Although the Orioles would miss the playoffs the following year, they would be back in postseason the next two years (’73 & ’74).
Although the team would be filled with familiar names to baseball fans, the O’s didn’t manage to return to the playoffs again until 1979, a year that garnered the Cy Young Award for pitcher Mike Flanagan. the team also returned to the World Series that year; however, they lost to the Pittsburgh Pirates.
Throughout the most glorious years up this point, the Orioles skipper was the famed Earl Weaver. Weaver, known for his color ways and devotion to statistics, was an innovator. After the 1982 season, however, Weaver stepped down and was replaced by Joe Altobelli. Altobelli and a young kid named Cal Ripken, Jr. helped lead the Orioles to another World Series championship the following year. Ripken also won the MVP in that year.
The next five years or so would be tough ones for the Orioles. They would see losing records and record-setting losing streaks (0-21 to start the 1988 season).
In 1992, there was an atmosphere of renewal as the team moved from its old home in Memorial Stadium on 33rd Street to the brand new Oriole’s Park at Camden Yards. however it would take another few years before the Orioles would see the playoffs again in 1996 and 1997.
In 1998, the team’s misfortune returned, and they went from a playoff club to a losing season. Although filled with hope at various times since, the Orioles have not seen a winning record since the 1997 season.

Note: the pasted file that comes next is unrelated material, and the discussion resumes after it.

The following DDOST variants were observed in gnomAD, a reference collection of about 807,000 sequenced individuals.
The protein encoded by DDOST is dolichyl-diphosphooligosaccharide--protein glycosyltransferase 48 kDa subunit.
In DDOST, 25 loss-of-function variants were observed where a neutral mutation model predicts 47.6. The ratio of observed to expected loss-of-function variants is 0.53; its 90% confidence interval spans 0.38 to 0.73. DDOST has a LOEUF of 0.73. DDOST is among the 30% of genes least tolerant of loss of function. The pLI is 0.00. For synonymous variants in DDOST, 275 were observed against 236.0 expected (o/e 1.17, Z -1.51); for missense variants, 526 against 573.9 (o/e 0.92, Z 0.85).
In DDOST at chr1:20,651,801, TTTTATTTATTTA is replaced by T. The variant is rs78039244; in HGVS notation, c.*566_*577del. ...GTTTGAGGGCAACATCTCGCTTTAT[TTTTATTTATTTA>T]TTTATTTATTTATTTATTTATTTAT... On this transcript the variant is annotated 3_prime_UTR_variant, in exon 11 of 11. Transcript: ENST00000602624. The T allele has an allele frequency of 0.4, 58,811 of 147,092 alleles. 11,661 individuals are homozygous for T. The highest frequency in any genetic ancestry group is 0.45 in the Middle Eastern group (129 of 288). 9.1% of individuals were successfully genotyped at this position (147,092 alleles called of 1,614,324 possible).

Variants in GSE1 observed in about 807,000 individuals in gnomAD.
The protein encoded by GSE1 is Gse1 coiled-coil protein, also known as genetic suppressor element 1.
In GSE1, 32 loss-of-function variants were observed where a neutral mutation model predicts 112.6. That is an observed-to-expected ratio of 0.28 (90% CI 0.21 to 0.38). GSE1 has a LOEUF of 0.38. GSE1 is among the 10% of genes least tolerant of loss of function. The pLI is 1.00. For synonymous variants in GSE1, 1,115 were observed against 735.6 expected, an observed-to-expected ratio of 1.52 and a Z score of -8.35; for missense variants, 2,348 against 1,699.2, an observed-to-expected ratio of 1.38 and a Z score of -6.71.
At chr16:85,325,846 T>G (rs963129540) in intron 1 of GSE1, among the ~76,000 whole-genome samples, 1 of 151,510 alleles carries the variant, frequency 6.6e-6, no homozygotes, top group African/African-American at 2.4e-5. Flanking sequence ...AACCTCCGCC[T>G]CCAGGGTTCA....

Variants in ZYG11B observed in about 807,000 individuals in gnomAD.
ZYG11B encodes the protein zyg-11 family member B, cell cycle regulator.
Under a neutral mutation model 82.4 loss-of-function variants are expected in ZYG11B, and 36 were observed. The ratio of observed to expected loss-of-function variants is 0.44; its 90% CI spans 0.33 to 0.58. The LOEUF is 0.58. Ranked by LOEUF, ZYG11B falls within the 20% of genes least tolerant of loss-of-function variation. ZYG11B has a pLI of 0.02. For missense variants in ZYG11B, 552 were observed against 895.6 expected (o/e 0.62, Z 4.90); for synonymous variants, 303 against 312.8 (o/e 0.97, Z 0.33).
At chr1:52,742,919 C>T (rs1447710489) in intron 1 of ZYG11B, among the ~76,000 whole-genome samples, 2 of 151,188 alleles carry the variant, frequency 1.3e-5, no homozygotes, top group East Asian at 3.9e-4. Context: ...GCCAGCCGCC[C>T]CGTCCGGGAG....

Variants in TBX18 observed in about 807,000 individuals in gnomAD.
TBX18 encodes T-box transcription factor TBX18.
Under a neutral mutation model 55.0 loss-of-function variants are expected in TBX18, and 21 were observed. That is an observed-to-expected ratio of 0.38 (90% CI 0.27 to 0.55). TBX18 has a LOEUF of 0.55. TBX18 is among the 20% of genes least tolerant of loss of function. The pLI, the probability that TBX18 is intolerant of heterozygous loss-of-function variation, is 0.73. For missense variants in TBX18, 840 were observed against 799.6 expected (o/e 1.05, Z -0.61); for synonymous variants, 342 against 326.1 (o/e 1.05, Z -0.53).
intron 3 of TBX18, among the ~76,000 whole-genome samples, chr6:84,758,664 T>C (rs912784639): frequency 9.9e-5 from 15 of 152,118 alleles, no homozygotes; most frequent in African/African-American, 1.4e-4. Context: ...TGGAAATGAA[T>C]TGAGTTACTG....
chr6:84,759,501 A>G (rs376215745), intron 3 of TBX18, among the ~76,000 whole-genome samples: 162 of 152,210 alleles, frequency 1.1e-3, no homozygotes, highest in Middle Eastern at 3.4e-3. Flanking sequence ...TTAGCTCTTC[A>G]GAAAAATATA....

Today, the Orioles have a renewed sense of optimism and a young club of promising players. as they struggle to get back .500 baseball, and eventually another World Series, Orioles fans everywhere hope the future will be as bright as the past.
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Stuart Elles, 64, retired, of Woodhall estate, Chelmsford:
“If there’s no hope for a patient they should be able to choose. if it was me, I wouldn’t want to hang on – you might as well go.”
Evelyn Gethin, 62, retired, from Thorpe Bay:
“As long as that’s what the patient wants. I’ve discussed things like this with my partner: I wouldn’t want to go on if I was terminally ill.”
David Howard, 65, retired, of Leigh-on-Sea:
“Initially it sounds like a good idea but it comes down to the doctor’s professional ability. It would be a brave decision for a doctor to act on what he saw on the record.”
Ian Studd, 18, an ambulance first responder, of Great Dunmow:
“I think it’s a brilliant idea. When we find out straight away if there’s anything we can do to the wishes of the patient, it will save time, money and resources.”
Patricia O’Shaughnssy, 77, retired of Chalkwell:
“I agree with it. I think the patient should have a choice – if it was me I’d like the choice.”
Hannah Robertson, 21, a student, of Maldon: “It is a good thing to go on the wishes of the patient rather than someone else deciding their fate. I suppose the system could be used against someone if it got into the wrong hands.”